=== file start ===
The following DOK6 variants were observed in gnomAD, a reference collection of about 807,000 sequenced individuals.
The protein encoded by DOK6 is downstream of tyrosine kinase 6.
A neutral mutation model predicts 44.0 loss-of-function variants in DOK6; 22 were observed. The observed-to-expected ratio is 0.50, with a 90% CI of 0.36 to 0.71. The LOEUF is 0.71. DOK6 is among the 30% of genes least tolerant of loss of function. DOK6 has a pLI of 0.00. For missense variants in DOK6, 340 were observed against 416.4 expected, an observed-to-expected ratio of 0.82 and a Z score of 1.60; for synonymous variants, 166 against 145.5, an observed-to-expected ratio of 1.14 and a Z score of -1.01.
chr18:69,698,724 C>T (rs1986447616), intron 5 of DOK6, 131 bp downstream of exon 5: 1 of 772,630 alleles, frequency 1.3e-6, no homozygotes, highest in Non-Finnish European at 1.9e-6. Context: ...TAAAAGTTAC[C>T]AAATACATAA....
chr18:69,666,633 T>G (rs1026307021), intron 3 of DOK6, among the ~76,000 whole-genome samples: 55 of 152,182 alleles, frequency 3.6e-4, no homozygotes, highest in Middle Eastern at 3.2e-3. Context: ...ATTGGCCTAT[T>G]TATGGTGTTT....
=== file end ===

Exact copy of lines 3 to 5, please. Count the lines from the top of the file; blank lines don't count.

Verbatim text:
A neutral mutation model predicts 44.0 loss-of-function variants in DOK6; 22 were observed. The observed-to-expected ratio is 0.50, with a 90% CI of 0.36 to 0.71. The LOEUF is 0.71. DOK6 is among the 30% of genes least tolerant of loss of function. DOK6 has a pLI of 0.00. For missense variants in DOK6, 340 were observed against 416.4 expected, an observed-to-expected ratio of 0.82 and a Z score of 1.60; for synonymous variants, 166 against 145.5, an observed-to-expected ratio of 1.14 and a Z score of -1.01.
chr18:69,698,724 C>T (rs1986447616), intron 5 of DOK6, 131 bp downstream of exon 5: 1 of 772,630 alleles, frequency 1.3e-6, no homozygotes, highest in Non-Finnish European at 1.9e-6. Context: ...TAAAAGTTAC[C>T]AAATACATAA....
chr18:69,666,633 T>G (rs1026307021), intron 3 of DOK6, among the ~76,000 whole-genome samples: 55 of 152,182 alleles, frequency 3.6e-4, no homozygotes, highest in Middle Eastern at 3.2e-3. Context: ...ATTGGCCTAT[T>G]TATGGTGTTT....